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What is Graves’ Disease?
Graves’ disease is one of the most common of all thyroid problems. It’s also the leading cause of hyperthyroidism, which a condition of the thyroid gland produces excessive hormones. Once the disorder has correctly diagnosed, it’s quite easy to treat. In some cases, Graves’ disease goes into remission or completely disappears after several months or years. If left untreated, however, it can lead to serious complications even death.
Although the symptoms causes discomfort, Graves’ disease generally has no long-term adverse health consequences if the patient receives prompt and proper medical care.
Symptoms of Graves’ Disease
Typical symptoms includes anxiety, shaky hands, sweating, diarrhea, increased appetite, difficulty sleeping, tremors, and weight loss. Some people with Graves’ disease can have an abnormal swelling of the front of the neck called a goiter.
Many symptoms of Graves’ disease affect the eyes. These includes eye puffiness, bulging eyes, light sensitivity, and an intense stare.
Risk Factors of Graves’ Disease
Although anyone can develop Graves’ disease, there are number of factors that can increase the risk of disease. These risk factors are as follows:
- Family history. Because a family history of Graves’ disease is a known risk factor, there’s likely a gene or genes that can make a person more susceptible to the disorder.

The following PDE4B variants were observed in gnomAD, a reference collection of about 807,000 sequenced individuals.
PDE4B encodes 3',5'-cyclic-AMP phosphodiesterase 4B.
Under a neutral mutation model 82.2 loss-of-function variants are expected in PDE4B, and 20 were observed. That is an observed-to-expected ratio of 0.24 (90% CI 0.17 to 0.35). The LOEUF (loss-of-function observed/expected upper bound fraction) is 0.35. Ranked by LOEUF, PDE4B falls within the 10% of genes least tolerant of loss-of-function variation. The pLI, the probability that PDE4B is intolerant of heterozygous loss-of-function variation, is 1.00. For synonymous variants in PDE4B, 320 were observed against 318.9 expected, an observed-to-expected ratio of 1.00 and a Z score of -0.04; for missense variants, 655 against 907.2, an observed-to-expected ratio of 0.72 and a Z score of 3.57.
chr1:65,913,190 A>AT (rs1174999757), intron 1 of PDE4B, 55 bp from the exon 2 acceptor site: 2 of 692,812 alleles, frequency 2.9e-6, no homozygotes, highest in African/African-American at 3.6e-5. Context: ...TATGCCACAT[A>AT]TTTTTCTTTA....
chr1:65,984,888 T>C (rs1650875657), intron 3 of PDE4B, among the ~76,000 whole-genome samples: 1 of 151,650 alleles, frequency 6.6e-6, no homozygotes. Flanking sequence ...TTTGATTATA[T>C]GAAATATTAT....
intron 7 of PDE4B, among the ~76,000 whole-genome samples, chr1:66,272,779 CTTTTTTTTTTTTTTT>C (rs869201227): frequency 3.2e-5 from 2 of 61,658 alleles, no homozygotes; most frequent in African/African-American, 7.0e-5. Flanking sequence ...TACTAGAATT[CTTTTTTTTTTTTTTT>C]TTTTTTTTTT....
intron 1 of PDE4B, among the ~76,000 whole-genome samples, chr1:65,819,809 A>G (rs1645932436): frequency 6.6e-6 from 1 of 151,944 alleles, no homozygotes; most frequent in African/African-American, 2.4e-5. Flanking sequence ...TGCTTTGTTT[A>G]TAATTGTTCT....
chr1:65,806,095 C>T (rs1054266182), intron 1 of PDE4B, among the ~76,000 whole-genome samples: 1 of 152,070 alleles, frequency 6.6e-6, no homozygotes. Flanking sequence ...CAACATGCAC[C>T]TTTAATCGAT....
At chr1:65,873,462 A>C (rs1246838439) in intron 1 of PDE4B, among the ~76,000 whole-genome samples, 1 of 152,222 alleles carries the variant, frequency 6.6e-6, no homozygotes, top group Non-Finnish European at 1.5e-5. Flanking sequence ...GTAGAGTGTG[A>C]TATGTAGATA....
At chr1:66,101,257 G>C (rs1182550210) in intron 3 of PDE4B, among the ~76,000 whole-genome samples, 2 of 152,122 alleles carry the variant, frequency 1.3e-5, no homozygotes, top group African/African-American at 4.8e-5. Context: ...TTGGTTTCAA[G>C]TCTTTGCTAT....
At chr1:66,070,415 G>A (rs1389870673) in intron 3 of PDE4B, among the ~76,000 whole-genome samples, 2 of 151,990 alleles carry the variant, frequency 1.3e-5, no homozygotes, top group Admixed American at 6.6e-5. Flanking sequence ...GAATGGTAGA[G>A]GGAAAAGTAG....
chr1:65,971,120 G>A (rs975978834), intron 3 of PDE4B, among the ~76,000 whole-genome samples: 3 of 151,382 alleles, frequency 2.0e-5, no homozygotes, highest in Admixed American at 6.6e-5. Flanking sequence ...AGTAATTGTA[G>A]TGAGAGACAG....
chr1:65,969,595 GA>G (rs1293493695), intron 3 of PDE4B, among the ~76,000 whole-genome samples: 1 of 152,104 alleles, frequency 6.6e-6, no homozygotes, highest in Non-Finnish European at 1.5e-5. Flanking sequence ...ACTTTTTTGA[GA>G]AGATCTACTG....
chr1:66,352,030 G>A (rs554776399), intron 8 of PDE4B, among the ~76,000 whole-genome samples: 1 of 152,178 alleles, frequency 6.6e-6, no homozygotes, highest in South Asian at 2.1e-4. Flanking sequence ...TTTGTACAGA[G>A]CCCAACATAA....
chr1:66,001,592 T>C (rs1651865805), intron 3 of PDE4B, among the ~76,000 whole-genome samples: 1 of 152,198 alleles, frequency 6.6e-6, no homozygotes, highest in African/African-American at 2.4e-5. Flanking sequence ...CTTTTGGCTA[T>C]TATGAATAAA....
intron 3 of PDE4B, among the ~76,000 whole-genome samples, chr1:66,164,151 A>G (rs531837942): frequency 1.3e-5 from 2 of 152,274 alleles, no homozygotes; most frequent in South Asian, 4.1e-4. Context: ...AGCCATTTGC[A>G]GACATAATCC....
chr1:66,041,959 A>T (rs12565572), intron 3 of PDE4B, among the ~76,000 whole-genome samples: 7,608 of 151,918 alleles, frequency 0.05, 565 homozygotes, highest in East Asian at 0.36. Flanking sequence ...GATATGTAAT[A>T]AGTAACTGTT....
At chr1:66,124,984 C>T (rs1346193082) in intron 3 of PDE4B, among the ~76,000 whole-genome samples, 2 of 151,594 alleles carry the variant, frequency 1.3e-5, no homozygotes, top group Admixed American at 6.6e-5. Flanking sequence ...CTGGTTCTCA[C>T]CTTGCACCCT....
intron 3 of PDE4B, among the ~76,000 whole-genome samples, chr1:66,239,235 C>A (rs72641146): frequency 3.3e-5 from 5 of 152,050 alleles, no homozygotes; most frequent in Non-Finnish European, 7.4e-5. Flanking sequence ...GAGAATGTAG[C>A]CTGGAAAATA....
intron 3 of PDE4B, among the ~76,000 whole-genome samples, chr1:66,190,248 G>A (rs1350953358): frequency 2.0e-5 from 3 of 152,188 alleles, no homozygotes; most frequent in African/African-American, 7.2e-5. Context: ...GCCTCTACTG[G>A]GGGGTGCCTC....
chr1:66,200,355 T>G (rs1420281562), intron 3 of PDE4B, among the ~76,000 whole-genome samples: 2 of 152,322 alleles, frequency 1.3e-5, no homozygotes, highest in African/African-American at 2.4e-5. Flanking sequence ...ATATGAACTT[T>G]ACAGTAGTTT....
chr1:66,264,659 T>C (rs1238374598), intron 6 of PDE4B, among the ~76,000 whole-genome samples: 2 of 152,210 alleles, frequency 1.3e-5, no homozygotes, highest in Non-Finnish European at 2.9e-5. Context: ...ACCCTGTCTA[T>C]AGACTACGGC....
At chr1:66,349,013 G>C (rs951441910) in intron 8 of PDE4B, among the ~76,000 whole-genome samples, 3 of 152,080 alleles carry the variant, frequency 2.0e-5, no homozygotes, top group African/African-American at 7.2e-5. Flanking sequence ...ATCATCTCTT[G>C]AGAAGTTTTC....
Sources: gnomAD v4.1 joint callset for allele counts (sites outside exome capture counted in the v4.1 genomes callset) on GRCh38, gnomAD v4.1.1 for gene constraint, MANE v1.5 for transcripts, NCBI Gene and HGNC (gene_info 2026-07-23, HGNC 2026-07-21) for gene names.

- Gender. Women are much more likely to develop Graves’ disease than are men.
- Age. Graves’ disease usually develops in people younger than 40.
- Other autoimmune disorders. People with other disorders of the immune system, such as rheumatoid arthritis or type 1 diabetes, can have an increased risk.
- Emotional or physical stress. Stressful life events or illness may act as a trigger for the onset of Graves’ disease among people who are genetically susceptible.
- Pregnancy. Pregnancy or recent childbirth may increase the risk of the disorder, particularly to the women who are genetically susceptible.
- Smoking. Cigarette smoking, which can affect the immune system, increasing the risk of Graves’ disease. Smokers that who have Graves’ disease are also at increased risk of developing Graves’ ophthalmopathy.
Graves’ Disease Treatment
Treatment is aimed at controlling your overactive thyroid. Medicines that called beta-blockers are often used to treat symptoms of anxiety, rapid heart rate, and sweating until the hyperthyroidism is controlled. Hyperthyroidism can be treated with one or more of the following:
- Antithyroid medications
- Radioactive iodine
If you have had surgery or radioactive iodine treatment, you will need to take replacement thyroid hormones for the rest of your life. Because these treatments remove or destroy the gland.
Some of the eye problems related to Graves disease usually improve when hyperthyroidism is treated with medications, surfery, or radiation. Radioactive iodine can sometimes worsen eye problems. Eye problems are worse in people who smokes, even after the hyperthyroidism is cured.
Sometimes prednisone (a steroid medication that suppresses the immune system) is needed to reduce eye irritation and swelling.
You may need to tape your eyes closed at night to prevent from drying. Eye drops and sunglasses may reduce eye irritation. In rare cases, radiation therapy (different from radioactive iodine) or surgery may be needed to prevent further damage to the eye and loss of vision.